Recruitment patterns and population development of ...
|Title||Recruitment patterns and population development of the invasive ascidian Ciona intestinalis in Prince Edward Island, Canada|
|Author(s)||A. Ramsay, J. Davidson, D. Bourque, H. Stryhn|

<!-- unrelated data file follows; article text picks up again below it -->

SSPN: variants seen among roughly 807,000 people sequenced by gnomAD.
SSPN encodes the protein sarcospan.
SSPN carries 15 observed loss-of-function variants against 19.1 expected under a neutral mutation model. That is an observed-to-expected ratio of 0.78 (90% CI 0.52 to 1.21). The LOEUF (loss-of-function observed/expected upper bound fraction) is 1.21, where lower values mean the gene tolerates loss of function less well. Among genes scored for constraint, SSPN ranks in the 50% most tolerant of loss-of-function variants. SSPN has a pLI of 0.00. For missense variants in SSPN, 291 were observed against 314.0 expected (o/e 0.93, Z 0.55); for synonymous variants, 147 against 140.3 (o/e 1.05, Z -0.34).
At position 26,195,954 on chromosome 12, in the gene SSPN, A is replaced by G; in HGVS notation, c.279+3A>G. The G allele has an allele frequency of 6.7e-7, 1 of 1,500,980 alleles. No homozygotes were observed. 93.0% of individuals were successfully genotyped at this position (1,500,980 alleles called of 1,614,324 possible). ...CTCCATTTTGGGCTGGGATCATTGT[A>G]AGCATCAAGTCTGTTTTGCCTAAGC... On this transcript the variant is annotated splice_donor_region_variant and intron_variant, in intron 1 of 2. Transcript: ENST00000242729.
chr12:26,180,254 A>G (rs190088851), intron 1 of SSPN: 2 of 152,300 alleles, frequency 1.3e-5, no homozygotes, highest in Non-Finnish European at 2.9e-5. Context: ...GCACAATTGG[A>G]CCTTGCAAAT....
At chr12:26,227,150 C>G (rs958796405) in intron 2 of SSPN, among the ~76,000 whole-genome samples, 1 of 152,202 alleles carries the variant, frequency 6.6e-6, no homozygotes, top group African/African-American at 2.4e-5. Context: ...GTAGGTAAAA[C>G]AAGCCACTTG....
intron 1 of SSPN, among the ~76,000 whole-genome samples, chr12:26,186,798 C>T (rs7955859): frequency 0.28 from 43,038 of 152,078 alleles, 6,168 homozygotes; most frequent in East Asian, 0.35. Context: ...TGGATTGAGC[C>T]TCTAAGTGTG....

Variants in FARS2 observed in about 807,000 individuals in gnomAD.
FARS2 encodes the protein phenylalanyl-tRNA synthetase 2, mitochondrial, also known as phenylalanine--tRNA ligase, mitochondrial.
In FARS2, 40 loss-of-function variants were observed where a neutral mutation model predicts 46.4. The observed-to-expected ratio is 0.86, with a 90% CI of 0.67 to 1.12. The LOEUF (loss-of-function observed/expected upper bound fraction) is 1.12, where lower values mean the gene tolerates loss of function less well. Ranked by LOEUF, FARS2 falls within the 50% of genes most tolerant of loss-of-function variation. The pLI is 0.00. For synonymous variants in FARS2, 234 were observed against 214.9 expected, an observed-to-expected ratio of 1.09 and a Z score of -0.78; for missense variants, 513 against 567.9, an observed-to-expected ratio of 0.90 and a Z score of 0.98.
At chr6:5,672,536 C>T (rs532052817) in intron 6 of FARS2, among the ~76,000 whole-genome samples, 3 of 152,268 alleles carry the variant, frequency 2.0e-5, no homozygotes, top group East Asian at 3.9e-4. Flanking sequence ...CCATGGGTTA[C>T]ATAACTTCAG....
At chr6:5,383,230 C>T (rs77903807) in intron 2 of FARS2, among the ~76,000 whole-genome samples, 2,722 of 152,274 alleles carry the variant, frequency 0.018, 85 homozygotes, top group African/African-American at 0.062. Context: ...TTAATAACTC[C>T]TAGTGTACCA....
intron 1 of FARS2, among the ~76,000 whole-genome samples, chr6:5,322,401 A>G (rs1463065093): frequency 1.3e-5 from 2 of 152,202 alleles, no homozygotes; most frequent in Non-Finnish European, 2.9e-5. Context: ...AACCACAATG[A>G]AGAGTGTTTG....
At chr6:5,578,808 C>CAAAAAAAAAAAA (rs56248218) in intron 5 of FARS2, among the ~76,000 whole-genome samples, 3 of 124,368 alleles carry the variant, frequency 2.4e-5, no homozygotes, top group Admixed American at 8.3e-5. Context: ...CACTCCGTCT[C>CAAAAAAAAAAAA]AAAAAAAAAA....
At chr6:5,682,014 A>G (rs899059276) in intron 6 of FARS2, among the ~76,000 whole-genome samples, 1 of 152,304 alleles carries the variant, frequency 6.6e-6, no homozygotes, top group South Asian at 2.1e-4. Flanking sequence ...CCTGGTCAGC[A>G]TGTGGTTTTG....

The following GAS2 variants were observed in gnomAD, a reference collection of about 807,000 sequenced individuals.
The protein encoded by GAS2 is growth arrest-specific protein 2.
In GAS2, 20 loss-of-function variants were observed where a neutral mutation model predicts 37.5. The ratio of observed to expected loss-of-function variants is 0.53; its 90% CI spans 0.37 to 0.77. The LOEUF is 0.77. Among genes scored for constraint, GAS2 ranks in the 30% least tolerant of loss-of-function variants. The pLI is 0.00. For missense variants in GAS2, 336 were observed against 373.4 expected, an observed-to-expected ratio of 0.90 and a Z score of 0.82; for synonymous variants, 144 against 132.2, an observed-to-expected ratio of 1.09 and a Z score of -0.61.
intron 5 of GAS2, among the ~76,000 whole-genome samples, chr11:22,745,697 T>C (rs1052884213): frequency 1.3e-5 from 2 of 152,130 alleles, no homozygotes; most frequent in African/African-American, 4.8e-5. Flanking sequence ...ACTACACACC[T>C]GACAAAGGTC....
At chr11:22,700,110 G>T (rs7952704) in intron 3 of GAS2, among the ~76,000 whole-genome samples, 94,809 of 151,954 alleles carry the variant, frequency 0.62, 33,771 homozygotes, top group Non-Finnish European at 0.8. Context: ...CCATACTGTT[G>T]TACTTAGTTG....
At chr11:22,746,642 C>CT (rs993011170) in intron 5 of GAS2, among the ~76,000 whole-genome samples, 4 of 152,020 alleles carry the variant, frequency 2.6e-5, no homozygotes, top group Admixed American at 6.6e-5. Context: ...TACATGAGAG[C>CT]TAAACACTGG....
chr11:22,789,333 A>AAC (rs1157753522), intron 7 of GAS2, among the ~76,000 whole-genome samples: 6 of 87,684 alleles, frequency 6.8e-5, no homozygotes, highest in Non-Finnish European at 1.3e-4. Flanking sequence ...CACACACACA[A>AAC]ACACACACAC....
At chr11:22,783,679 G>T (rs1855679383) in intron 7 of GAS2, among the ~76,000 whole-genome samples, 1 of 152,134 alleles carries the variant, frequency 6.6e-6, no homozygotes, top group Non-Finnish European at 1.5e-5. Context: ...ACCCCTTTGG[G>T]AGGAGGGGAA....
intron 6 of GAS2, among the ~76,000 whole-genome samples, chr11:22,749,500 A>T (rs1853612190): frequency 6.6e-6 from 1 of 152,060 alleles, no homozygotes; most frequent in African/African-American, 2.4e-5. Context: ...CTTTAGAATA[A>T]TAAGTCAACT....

|Abstract||In 2004, an exotic tunicate, Ciona intestinalis, was detected in Montague River, Prince Edward Island. Since it was first detected, this exotic species has become an invasive nuisance species creating production problems in bivalve aquaculture industries including handling difficulties and resource competition with the cultured blue mussel, Mytilus edulis. Ciona intestinalis has become a challenging species to manage because of its long reproductive period and rapid biomass accumulation. Population development of C. intestinalis in a single season was investigated to inform the aquaculture management of this fouling species. The study focused on seasonal recruitment patterns and the subsequent development of the C. intestinalis population after settlement. Recruitment on experimental collectors occurred from mid-June until late November, with a peak in late August. A rapid increase in biomass was documented in late July, six weeks after the initial recruitment. No substantial increase in C. intestinalis biomass was observed in new recruits after mid-August.|
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